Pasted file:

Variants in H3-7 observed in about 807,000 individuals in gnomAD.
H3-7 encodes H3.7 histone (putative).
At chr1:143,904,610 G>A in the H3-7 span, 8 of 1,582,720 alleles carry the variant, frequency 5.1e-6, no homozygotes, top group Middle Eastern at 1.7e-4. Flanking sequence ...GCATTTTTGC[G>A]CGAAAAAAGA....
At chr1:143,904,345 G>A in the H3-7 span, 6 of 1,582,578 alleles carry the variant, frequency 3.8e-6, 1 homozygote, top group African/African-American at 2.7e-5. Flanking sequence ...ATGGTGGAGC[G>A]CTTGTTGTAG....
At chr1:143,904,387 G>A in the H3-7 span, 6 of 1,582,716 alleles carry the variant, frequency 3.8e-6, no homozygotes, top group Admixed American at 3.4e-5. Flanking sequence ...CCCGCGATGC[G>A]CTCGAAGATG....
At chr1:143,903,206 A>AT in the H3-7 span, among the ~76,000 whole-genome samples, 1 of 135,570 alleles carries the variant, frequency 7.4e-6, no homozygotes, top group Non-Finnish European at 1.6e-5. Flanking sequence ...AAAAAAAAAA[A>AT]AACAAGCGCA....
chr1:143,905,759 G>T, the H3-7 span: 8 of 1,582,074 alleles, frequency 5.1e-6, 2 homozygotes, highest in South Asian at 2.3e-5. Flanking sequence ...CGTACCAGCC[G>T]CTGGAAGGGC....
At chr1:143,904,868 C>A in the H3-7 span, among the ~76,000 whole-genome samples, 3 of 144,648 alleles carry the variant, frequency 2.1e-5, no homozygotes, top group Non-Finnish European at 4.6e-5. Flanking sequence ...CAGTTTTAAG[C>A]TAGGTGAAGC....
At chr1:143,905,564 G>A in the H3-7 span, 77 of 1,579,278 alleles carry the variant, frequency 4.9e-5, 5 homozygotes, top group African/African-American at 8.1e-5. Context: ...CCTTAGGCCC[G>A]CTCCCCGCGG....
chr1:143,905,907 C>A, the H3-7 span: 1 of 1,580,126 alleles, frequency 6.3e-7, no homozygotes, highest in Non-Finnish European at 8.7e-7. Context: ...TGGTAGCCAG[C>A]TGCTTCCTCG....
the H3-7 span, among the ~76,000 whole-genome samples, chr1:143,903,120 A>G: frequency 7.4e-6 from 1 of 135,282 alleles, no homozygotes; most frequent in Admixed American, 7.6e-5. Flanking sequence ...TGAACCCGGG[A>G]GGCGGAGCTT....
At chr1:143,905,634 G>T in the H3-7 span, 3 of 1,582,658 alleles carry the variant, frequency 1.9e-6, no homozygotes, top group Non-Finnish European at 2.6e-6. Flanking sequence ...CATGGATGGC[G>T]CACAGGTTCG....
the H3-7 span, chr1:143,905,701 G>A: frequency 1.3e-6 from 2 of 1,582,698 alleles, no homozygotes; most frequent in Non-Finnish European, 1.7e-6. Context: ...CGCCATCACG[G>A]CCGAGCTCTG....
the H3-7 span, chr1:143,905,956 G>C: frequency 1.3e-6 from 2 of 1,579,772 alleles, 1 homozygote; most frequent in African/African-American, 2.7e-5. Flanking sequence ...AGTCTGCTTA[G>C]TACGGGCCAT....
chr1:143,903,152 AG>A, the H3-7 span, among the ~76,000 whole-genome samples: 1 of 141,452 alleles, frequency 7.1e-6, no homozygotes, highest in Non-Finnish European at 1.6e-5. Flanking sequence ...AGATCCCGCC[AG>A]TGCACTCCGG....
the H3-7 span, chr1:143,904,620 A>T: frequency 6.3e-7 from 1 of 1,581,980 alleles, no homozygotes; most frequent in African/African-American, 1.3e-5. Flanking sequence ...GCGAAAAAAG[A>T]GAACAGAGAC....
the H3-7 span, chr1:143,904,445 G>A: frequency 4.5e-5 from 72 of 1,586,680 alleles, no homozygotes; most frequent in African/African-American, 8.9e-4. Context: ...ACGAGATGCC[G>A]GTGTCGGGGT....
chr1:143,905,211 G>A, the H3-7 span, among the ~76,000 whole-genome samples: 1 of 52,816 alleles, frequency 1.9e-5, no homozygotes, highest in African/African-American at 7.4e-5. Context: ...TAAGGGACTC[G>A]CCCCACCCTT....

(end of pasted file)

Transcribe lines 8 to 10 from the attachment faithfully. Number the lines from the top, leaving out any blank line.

At chr1:143,904,868 C>A in the H3-7 span, among the ~76,000 whole-genome samples, 3 of 144,648 alleles carry the variant, frequency 2.1e-5, no homozygotes, top group Non-Finnish European at 4.6e-5. Flanking sequence ...CAGTTTTAAG[C>A]TAGGTGAAGC....
At chr1:143,905,564 G>A in the H3-7 span, 77 of 1,579,278 alleles carry the variant, frequency 4.9e-5, 5 homozygotes, top group African/African-American at 8.1e-5. Context: ...CCTTAGGCCC[G>A]CTCCCCGCGG....
chr1:143,905,907 C>A, the H3-7 span: 1 of 1,580,126 alleles, frequency 6.3e-7, no homozygotes, highest in Non-Finnish European at 8.7e-7. Context: ...TGGTAGCCAG[C>A]TGCTTCCTCG....